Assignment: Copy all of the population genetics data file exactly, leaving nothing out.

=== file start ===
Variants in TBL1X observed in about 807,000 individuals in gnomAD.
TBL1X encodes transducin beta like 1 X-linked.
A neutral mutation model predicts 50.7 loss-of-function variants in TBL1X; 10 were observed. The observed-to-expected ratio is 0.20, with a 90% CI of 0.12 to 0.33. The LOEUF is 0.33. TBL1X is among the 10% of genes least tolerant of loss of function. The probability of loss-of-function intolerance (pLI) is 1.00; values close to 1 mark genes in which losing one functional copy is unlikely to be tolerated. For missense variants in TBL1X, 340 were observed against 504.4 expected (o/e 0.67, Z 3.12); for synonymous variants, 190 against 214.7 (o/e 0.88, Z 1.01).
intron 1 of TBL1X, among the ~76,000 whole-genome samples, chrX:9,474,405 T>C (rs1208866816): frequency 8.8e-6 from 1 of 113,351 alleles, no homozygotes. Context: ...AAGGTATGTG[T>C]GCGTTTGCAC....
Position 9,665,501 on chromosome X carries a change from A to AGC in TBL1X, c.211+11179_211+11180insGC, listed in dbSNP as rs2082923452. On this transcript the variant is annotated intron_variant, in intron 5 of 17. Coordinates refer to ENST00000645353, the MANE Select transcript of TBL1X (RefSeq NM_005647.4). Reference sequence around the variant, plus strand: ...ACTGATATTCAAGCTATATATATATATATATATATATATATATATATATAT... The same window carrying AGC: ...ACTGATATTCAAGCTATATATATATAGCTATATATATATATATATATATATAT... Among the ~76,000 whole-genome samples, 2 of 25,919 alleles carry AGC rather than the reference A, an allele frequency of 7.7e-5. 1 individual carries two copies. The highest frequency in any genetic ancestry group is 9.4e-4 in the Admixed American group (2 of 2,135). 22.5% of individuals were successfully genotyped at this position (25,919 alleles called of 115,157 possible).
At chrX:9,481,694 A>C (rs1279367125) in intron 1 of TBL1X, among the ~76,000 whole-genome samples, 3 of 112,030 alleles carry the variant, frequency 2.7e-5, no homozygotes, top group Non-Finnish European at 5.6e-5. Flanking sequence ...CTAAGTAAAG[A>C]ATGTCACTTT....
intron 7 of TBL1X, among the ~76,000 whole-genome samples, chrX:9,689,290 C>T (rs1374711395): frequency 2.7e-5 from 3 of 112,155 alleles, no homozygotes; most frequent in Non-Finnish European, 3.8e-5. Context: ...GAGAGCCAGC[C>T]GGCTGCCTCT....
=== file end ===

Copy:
Variants in TBL1X observed in about 807,000 individuals in gnomAD.
TBL1X encodes transducin beta like 1 X-linked.
A neutral mutation model predicts 50.7 loss-of-function variants in TBL1X; 10 were observed. The observed-to-expected ratio is 0.20, with a 90% CI of 0.12 to 0.33. The LOEUF is 0.33. TBL1X is among the 10% of genes least tolerant of loss of function. The probability of loss-of-function intolerance (pLI) is 1.00; values close to 1 mark genes in which losing one functional copy is unlikely to be tolerated. For missense variants in TBL1X, 340 were observed against 504.4 expected (o/e 0.67, Z 3.12); for synonymous variants, 190 against 214.7 (o/e 0.88, Z 1.01).
intron 1 of TBL1X, among the ~76,000 whole-genome samples, chrX:9,474,405 T>C (rs1208866816): frequency 8.8e-6 from 1 of 113,351 alleles, no homozygotes. Context: ...AAGGTATGTG[T>C]GCGTTTGCAC....
Position 9,665,501 on chromosome X carries a change from A to AGC in TBL1X, c.211+11179_211+11180insGC, listed in dbSNP as rs2082923452. On this transcript the variant is annotated intron_variant, in intron 5 of 17. Coordinates refer to ENST00000645353, the MANE Select transcript of TBL1X (RefSeq NM_005647.4). Reference sequence around the variant, plus strand: ...ACTGATATTCAAGCTATATATATATATATATATATATATATATATATATAT... The same window carrying AGC: ...ACTGATATTCAAGCTATATATATATAGCTATATATATATATATATATATATAT... Among the ~76,000 whole-genome samples, 2 of 25,919 alleles carry AGC rather than the reference A, an allele frequency of 7.7e-5. 1 individual carries two copies. The highest frequency in any genetic ancestry group is 9.4e-4 in the Admixed American group (2 of 2,135). 22.5% of individuals were successfully genotyped at this position (25,919 alleles called of 115,157 possible).
At chrX:9,481,694 A>C (rs1279367125) in intron 1 of TBL1X, among the ~76,000 whole-genome samples, 3 of 112,030 alleles carry the variant, frequency 2.7e-5, no homozygotes, top group Non-Finnish European at 5.6e-5. Flanking sequence ...CTAAGTAAAG[A>C]ATGTCACTTT....
intron 7 of TBL1X, among the ~76,000 whole-genome samples, chrX:9,689,290 C>T (rs1374711395): frequency 2.7e-5 from 3 of 112,155 alleles, no homozygotes; most frequent in Non-Finnish European, 3.8e-5. Context: ...GAGAGCCAGC[C>T]GGCTGCCTCT....